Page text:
OJP Press Release letterhead

September 24, 2004
Contact: Office of Justice Programs


     MIAMI, FL - Deputy Assistant Attorney General for the Office of Justice Programs (OJP) Cheri Nolan announced today that the Justice Department has awarded $8.7 million in DNA grants throughout Florida to solve crime and exonerate the innocent as part of President Bush's DNA initiative, Advancing Justice Through DNA Technology. These are the first grants to be awarded under the President's initiative, a five-year, more than $1 billion effort to eliminate casework and the convicted offender backlog; improve crime lab capacity; provide DNA training; provide for post-conviction DNA testing; and conduct testing to identify missing persons. An additional $9.2 million is being awarded in Florida to improve criminal justice forensic services. Deputy Assistant Attorney General Nolan made this announcement at the Miami-Dade crime lab where she was joined by Assistant Attorney General for Civil Rights R. Alexander Acosta and U.S Attorney for the Southern District of Florida Marcos Daniel Jimenez.

     "DNA promises to be the most remarkable crime-fighting tool of the 21st century," said Deputy Assistant Attorney General Nolan. "Florida's investment in forensic evidence collection, crime lab testing, and building the DNA database has led to remarkable success with all types of crime. The Justice Department is committed to helping Florida enhance its forensic programs to convict the guilty and exonerate the innocent. This DNA effort also helps to identify missing persons and provide answers for grieving families."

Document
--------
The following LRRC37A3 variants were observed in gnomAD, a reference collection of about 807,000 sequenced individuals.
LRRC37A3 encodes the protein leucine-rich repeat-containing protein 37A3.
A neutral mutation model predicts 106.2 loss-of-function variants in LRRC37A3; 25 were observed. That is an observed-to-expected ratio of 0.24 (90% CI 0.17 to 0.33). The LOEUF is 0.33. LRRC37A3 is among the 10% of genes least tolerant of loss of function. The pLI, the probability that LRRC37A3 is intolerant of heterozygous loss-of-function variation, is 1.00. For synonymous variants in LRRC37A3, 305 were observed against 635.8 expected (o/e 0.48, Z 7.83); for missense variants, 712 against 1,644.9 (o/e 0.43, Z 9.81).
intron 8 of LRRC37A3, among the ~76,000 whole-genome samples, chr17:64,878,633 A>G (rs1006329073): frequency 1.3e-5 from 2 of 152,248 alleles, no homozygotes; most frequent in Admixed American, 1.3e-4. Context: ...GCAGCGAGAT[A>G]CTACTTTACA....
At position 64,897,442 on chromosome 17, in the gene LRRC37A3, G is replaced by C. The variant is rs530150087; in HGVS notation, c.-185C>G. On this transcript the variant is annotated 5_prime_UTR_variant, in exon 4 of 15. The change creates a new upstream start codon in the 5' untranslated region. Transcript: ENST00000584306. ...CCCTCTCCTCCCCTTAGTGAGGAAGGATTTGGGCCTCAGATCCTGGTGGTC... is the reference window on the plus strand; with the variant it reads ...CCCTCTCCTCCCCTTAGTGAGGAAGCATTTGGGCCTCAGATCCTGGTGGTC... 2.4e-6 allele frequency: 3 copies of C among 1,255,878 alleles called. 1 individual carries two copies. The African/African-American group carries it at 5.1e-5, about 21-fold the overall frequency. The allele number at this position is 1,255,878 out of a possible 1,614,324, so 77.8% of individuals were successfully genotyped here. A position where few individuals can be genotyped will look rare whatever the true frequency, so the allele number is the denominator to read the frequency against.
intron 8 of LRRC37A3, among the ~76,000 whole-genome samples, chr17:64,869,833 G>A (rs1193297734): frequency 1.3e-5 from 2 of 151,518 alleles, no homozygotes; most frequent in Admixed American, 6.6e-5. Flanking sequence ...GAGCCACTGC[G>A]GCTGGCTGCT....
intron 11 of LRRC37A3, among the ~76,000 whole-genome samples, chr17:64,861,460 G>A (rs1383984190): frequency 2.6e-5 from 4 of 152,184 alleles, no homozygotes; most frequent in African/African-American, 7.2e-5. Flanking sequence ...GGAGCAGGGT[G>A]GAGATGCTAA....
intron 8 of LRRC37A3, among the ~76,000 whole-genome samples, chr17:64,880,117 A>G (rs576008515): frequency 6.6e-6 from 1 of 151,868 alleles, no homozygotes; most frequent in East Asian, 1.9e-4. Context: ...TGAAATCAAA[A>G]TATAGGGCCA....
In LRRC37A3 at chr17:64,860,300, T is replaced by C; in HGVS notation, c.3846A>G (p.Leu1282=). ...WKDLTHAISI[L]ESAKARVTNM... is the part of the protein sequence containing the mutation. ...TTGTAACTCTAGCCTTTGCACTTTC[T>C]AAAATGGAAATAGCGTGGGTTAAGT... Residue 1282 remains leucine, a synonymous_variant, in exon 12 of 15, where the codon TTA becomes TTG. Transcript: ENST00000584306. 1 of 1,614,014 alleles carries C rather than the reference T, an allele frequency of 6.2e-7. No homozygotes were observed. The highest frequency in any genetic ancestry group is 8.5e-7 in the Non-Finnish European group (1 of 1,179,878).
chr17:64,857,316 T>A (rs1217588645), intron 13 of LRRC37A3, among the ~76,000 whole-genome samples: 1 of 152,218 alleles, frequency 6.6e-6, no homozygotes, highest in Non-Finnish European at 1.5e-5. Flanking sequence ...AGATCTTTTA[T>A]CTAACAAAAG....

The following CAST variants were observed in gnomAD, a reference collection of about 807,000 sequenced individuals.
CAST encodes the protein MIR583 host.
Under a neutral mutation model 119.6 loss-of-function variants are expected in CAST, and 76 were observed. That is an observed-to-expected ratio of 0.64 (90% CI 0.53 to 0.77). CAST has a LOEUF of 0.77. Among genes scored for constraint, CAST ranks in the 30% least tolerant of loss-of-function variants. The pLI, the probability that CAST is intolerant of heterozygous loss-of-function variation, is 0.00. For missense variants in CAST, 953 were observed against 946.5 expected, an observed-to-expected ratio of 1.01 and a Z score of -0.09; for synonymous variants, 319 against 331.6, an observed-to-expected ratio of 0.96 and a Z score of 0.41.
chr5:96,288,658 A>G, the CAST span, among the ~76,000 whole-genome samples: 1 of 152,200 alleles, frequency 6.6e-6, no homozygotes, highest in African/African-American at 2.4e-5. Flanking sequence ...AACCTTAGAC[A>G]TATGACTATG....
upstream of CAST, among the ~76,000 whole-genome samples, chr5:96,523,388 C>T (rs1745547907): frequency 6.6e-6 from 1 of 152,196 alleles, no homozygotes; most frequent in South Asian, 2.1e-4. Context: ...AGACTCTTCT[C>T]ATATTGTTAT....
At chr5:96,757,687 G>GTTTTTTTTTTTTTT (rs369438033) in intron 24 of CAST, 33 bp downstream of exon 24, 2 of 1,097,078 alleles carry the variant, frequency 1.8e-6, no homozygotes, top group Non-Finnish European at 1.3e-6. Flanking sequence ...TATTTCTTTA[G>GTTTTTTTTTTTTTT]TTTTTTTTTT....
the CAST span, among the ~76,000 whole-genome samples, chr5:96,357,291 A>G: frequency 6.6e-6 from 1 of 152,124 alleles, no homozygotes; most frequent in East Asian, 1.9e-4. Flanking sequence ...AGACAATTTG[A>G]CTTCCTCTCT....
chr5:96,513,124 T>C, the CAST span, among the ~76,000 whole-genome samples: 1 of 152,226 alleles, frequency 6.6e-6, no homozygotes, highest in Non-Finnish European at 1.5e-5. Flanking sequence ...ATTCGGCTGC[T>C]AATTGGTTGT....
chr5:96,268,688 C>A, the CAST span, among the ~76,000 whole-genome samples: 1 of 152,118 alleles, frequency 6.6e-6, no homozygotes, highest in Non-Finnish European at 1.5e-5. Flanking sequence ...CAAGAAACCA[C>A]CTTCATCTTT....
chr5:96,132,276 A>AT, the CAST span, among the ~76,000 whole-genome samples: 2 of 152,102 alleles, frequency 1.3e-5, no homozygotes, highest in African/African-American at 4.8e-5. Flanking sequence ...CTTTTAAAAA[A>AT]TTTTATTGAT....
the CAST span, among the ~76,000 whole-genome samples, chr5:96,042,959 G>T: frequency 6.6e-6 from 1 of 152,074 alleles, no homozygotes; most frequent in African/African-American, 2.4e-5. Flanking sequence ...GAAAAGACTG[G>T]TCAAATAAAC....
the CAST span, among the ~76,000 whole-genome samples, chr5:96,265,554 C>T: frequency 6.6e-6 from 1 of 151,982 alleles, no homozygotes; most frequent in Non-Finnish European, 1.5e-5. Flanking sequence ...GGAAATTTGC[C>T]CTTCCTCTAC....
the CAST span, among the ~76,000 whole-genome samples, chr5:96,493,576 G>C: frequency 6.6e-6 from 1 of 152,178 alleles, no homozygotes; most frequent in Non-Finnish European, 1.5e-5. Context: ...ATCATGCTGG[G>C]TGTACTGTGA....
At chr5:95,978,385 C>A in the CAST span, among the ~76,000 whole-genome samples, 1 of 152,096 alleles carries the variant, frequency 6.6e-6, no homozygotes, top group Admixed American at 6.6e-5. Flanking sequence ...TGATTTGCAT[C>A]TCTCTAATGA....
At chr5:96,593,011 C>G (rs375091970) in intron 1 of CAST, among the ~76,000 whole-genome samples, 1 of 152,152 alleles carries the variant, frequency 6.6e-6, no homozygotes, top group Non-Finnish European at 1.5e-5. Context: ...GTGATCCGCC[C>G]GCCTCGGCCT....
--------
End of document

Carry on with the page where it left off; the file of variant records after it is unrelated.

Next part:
"DNA helps ensure that justice is impartial and accurate," said Assistant Attorney General for Civil Rights R. Alexander Acosta. "The Department of Justice is dedicated to supporting the efforts of Florida law enforcement and forensic researchers to convict the guilty and exonerate the innocent with speed and certainty."

     "All of the Florida funding recipients of the President's DNA initiative, including the Florida Department of Law Enforcement, the Miami-Dade Police Department, and the Broward County and Palm Beach County crime labs, are worthy funding recipients. The forensic work of these crime labs is an integral part of the DNA initiative's efforts to assist law enforcement in solving crimes, protecting the innocent, and locating missing persons. These crime labs should be commended for their important efforts in this district," said Marcos Daniel Jimenez, United States Attorney for the Southern District of Florida.

     Deputy Assistant Attorney General Nolan also cited the efforts of Palm Beach County and Miami-Dade County to use DNA analysis to solve many types of crime. These counties developed programs that identified cases of all types-from burglaries to car theft to robberies and other violent crimes-in which DNA evidence might be present but police had yet to identify a suspect. When the DNA profiles from these cases were loaded into state and national DNA databases, matches to known criminals were made in 40% to 50% of the cases.